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JAMA Psychiatry. 2019 Oct 30:1-11. doi: 10.1001/jamapsychiatry.2019.3779. [Epub ahead of print]

Association of Copy Number Variation of the 15q11.2 BP1-BP2 Region With Cortical and Subcortical Morphology and Cognition.

Writing Committee for the ENIGMA-CNV Working Group, van der Meer D1,2, Sønderby IE1, Kaufmann T1, Walters GB3,4, Abdellaoui A5,6, Ames D7,8, Amunts K9,10,11, Andersson M12,13, Armstrong NJ14, Bernard M15, Blackburn NB16, Blangero J16, Boomsma DI6,17,18, Brodaty H19,20, Brouwer RM21, Bülow R22, Cahn W21,23, Calhoun VD24,25, Caspers S9,11,26, Cavalleri GL27,28, Ching CRK29,30, Cichon S9,31,32, Ciufolini S33, Corvin A34, Crespo-Facorro B35,36, Curran JE16, Dalvie S37, Dazzan P33, de Geus EJC6,17,18, de Zubicaray GI38, de Zwarte SMC21, Delanty N28,39, den Braber A6,17,40, Desrivieres S41, Di Forti M41, Doherty JL42,43, Donohoe G44, Ehrlich S45, Eising E46, Espeseth T47, Fisher SE46,48, Fladby T49,50, Frei O1, Frouin V51, Fukunaga M52,53, Gareau T51, Glahn DC54,55,56, Grabe HJ57,58, Groenewold NA37, Gústafsson Ó3, Haavik J59,60, Haberg AK61,62, Hashimoto R63,64, Hehir-Kwa JY65, Hibar DP66, Hillegers MHJ67, Hoffmann P68,32, Holleran L44, Hottenga JJ6,17,18, Hulshoff Pol HE21, Ikeda M69, Jacquemont S70,71, Jahanshad N30, Jockwitz C9,72, Johansson S73,74, Jönsson EG1,75, Kikuchi M76, Knowles EEM54,56, Kwok JB77,78, Le Hellard S79,80, Linden DEJ2,42, Liu J24, Lundervold A59,81, Lundervold AJ82, Martin NG83, Mather KA19,84, Mathias SR54,56, McMahon KL85, McRae AF86,87, Medland SE88, Moberget T1, Moreau C70,89, Morris DW44, Mühleisen TW9,10,31, Murray RM41, Nordvik JE90, Nyberg L12,13,91, Olde Loohuis LM92, Ophoff RA92, Owen MJ42, Paus T93,94, Pausova Z15,94, Peralta JM16, Pike B95, Prieto C96, Quinlan EB97, Reinbold CS31,32,47, Reis Marques T33,98, Rucker JJH41, Sachdev PS19,99, Sando SB61,100, Schofield PR78,101, Schork AJ102, Schumann G97, Shin J15,94, Shumskaya E48,103, Silva AI43,104, Sisodiya SM105, Steen VM79,80, Stein DJ37,106, Strike LT87, Tamnes CK1,107,108, Teumer A109, Thalamuthu A19, Tordesillas-Gutiérrez D110, Uhlmann A37, Úlfarsson MÖ3,111, van 't Ent D6,17, van den Bree MBM42,112, Vassos E41,113, Wen W19, Wittfeld K57,58, Wright MJ87, Zayats T59,114,115, Dale AM116, Djurovic S79,117, Agartz I1,74,108, Westlye LT1,47, Stefánsson H3, Stefánsson K3,4, Thompson PM30, Andreassen OA1.

Author information

1
Norwegian Centre for Mental Disorders Research, Division of Mental Health and Addiction, Oslo University Hospital and Institute of Clinical Medicine, University of Oslo, Oslo, Norway.
2
School of Mental Health and Neuroscience, Faculty of Health, Medicine and Life Sciences, Maastricht University, Maastricht, the Netherlands.
3
deCODE Genetics, Reykjavík, Iceland.
4
Faculty of Medicine, University of Iceland, Reykjavík, Iceland.
5
Department of Psychiatry, Amsterdam UMC, University of Amsterdam, Amsterdam, the Netherlands.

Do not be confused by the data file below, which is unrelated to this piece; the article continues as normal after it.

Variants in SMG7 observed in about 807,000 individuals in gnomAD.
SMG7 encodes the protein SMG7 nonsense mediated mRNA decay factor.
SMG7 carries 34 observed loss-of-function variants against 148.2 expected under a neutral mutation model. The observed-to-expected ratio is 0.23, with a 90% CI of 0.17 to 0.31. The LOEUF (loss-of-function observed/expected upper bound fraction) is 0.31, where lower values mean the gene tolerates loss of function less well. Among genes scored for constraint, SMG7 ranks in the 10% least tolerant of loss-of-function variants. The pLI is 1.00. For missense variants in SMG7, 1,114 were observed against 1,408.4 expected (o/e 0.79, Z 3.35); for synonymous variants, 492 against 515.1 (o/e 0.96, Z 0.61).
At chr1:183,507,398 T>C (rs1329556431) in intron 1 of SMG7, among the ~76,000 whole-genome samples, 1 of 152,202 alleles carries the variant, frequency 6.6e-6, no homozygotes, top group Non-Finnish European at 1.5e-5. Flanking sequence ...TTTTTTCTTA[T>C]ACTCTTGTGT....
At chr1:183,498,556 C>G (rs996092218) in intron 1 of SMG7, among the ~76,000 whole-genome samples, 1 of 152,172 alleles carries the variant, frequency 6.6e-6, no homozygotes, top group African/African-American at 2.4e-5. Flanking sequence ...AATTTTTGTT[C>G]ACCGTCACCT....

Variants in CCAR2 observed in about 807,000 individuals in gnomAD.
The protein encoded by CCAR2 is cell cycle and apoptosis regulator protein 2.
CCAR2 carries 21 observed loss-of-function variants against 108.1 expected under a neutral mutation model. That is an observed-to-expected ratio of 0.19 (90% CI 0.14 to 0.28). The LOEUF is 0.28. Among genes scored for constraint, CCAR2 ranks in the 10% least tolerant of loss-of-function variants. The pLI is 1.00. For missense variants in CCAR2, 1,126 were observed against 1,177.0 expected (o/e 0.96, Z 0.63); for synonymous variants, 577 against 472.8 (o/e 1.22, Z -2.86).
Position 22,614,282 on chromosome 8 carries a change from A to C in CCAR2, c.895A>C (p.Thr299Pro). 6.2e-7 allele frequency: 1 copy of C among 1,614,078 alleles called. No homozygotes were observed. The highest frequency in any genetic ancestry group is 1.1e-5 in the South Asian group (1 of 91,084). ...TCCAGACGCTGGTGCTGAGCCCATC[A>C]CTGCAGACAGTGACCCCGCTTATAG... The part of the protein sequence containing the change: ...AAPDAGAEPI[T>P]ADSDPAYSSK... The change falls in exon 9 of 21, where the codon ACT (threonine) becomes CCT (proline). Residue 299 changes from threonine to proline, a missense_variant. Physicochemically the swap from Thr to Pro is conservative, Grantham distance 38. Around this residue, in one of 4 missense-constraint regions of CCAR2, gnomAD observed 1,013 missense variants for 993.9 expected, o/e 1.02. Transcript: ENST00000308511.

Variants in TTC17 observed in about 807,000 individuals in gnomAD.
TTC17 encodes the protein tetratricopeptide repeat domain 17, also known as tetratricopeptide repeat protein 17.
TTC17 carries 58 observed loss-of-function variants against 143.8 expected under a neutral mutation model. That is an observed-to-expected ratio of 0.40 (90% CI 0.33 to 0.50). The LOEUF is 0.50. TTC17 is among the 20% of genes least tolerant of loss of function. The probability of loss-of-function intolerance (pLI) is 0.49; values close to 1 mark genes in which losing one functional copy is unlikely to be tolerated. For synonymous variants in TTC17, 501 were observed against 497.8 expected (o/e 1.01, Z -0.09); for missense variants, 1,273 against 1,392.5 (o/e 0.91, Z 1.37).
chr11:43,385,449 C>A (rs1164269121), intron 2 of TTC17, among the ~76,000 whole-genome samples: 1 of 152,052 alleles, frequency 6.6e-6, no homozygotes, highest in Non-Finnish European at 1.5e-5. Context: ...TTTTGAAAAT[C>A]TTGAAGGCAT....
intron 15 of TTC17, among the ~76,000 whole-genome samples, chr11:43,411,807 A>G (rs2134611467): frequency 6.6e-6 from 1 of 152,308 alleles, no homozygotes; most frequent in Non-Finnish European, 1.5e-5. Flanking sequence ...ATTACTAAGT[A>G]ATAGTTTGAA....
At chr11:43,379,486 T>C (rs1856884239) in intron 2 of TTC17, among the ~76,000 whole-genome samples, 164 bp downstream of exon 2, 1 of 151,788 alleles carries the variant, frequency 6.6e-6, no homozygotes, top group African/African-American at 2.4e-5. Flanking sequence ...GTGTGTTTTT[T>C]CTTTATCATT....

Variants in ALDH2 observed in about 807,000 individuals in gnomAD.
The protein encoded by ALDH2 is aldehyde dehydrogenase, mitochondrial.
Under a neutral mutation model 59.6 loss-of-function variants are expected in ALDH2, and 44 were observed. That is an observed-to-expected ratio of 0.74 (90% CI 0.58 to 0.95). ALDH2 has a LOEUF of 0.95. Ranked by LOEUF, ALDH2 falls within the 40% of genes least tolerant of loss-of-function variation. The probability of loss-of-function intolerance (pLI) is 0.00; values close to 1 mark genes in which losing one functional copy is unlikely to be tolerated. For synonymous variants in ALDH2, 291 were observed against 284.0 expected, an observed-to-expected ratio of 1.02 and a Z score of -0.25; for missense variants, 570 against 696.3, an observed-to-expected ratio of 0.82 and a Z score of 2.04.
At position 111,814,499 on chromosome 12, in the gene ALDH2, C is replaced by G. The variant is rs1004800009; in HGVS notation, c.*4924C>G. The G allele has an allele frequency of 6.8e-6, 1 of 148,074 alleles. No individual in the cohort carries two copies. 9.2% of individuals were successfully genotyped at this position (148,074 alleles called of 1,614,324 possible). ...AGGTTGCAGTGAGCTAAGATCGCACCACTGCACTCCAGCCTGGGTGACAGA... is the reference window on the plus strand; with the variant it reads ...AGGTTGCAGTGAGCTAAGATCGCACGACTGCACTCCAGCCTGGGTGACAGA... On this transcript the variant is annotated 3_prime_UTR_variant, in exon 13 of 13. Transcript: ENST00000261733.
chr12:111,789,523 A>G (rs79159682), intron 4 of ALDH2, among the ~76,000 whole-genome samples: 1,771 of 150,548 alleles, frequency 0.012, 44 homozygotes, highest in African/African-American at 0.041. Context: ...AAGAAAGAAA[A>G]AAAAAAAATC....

6
Department of Biological Psychology and Netherlands Twin Register, VU University Amsterdam, Amsterdam, the Netherlands.
7
University of Melbourne Academic Unit for Psychiatry of Old Age, Kew, Australia.
8
National Ageing Research Institute, Parkville, Australia.
9
Institute of Neuroscience and Medicine, Research Centre Juelich, Juelich, Germany.
10
C. and O. Vogt Institute for Brain Research, Medical Faculty, Heinrich Heine University Duesseldorf, Duesseldorf, Germany.
11
JARA-BRAIN, Juelich-Aachen Research Alliance, Juelich, Germany.
12
Umeå Centre for Functional Brain Imaging, Umeå University, Umeå, Sweden.
13
Department of Integrative Medical Biology, Umeå University, Umeå, Sweden.
14
Mathematics and Statistics, Murdoch University, Perth, Australia.
15
Research Institute, Hospital for Sick Children, Toronto, Ontario, Canada.
16
South Texas Diabetes and Obesity Institute, Department of Human Genetics, School of Medicine, University of Texas Rio Grande Valley, Brownsville.
17
Amsterdam Neuroscience, Amsterdam, the Netherlands.
18
Amsterdam Public Health Research Institute, VU Medical Center, Amsterdam, the Netherlands.
19
Centre for Healthy Brain Ageing, School of Psychiatry, University of New South Wales, Sydney, Australia.
20
Dementia Centre for Research Collaboration, School of Psychiatry, University of New South Wales, Sydney, Australia.
21
Department of Psychiatry, UMC Brain Center, University Medical Center Utrecht, Utrecht, the Netherlands.
22
Department of Diagnostic Radiology and Neuroradiology, University Medicine Greifswald, Greifswald, Germany.
23
Altrecht Science, Utrecht, the Netherlands.
24
Tri-institutional Center for Translational Research in Neuroimaging and Data Science (TReNDS), Georgia State University, Georgia Institute of Technology, Emory University, Atlanta.
25
The Department of Electrical and Computer Engineering, University of New Mexico, Albuquerque.
26
Institute for Anatomy I, Medical Faculty, Heinrich Heine University Düsseldorf, Düsseldorf, Germany.
27
The School of Pharmacy and Biomolecular Sciences, The Royal College of Surgeons in Ireland, Dublin, Ireland.
28
The SFI FutureNeuro Research Centre, Dublin, Ireland.
29
Interdepartmental Neuroscience Program, University of California, Los Angeles.
30
Imaging Genetics Center, Mark and Mary Stevens Institute for Neuroimaging and Informatics, University of Southern California, Los Angeles.
31
Department of Biomedicine, University of Basel, Basel, Switzerland.
32
Institute of Medical Genetics and Pathology, University Hospital Basel, Basel, Switzerland.